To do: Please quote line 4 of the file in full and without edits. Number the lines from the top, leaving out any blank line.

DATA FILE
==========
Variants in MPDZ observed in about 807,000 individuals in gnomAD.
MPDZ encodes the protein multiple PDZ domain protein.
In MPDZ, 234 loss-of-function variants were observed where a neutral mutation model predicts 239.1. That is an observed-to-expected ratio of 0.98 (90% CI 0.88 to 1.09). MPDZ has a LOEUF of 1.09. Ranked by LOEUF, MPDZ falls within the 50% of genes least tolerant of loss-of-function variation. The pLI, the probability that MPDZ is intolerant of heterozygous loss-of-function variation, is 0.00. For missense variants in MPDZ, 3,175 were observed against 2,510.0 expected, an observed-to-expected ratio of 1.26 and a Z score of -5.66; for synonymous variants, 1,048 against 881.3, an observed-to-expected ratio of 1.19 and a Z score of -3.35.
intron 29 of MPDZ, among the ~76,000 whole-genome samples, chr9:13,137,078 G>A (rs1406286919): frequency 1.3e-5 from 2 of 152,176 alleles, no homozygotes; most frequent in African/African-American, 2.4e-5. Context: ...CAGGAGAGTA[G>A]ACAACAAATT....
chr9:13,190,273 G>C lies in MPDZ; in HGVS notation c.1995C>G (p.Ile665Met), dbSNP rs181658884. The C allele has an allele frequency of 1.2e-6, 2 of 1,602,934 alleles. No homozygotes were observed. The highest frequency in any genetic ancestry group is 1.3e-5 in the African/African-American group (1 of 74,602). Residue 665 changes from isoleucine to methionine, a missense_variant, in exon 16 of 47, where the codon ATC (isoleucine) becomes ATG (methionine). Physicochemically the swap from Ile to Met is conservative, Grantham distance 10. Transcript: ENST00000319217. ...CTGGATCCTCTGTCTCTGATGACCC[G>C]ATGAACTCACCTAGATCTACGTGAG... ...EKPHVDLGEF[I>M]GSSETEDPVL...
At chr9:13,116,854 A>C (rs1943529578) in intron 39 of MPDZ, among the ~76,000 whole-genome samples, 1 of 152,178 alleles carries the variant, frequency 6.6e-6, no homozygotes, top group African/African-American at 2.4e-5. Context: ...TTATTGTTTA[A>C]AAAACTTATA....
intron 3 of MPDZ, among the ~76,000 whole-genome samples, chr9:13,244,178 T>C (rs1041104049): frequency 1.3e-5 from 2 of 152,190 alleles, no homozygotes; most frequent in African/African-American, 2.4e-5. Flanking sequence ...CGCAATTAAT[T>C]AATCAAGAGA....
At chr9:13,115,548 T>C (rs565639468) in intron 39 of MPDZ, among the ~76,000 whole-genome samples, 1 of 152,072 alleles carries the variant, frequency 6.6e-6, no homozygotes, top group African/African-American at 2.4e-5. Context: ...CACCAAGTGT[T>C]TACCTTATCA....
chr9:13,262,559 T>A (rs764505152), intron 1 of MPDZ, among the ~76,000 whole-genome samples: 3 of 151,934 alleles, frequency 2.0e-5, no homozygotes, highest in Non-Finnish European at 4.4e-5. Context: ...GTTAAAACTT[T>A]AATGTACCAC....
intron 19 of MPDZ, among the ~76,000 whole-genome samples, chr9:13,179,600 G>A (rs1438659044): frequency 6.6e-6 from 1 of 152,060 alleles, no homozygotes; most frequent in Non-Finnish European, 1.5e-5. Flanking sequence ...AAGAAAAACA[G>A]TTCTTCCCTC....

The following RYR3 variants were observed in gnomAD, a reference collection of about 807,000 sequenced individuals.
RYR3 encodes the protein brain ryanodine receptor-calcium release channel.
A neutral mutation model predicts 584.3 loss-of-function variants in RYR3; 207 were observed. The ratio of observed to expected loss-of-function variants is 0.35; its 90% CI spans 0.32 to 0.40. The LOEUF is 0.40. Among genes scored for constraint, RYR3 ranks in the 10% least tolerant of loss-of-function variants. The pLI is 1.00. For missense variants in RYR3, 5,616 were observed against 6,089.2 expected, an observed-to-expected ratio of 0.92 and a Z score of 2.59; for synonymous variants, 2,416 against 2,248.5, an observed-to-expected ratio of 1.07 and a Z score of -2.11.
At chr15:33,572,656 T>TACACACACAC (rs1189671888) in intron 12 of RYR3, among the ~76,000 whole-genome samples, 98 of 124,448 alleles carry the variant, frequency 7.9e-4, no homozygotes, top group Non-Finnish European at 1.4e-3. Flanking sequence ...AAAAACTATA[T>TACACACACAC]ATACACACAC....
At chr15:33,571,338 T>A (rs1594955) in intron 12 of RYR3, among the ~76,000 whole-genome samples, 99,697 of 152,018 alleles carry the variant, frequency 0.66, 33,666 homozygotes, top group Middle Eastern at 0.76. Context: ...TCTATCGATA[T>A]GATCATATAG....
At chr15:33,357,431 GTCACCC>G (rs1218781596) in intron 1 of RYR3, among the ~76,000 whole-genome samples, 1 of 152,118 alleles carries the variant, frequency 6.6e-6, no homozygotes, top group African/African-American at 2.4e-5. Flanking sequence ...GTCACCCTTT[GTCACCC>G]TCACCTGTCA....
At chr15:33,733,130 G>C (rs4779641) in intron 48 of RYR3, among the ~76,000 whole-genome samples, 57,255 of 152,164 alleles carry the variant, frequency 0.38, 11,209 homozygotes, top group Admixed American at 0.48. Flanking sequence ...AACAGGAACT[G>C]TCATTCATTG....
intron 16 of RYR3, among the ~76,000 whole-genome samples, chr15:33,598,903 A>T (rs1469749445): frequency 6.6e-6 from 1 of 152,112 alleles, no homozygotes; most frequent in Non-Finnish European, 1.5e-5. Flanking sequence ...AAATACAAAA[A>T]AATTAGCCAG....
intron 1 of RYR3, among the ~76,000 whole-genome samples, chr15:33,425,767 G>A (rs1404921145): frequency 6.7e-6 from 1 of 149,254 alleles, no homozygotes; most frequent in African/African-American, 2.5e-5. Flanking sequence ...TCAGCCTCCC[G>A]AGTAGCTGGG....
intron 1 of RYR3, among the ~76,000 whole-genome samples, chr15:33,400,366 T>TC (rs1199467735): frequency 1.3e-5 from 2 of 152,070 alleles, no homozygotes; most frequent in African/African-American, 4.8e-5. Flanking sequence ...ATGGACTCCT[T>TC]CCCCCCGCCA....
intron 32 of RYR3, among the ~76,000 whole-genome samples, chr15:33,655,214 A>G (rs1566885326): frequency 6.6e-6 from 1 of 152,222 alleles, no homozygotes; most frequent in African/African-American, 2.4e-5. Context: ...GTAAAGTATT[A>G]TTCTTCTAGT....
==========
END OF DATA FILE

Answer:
intron 29 of MPDZ, among the ~76,000 whole-genome samples, chr9:13,137,078 G>A (rs1406286919): frequency 1.3e-5 from 2 of 152,176 alleles, no homozygotes; most frequent in African/African-American, 2.4e-5. Context: ...CAGGAGAGTA[G>A]ACAACAAATT....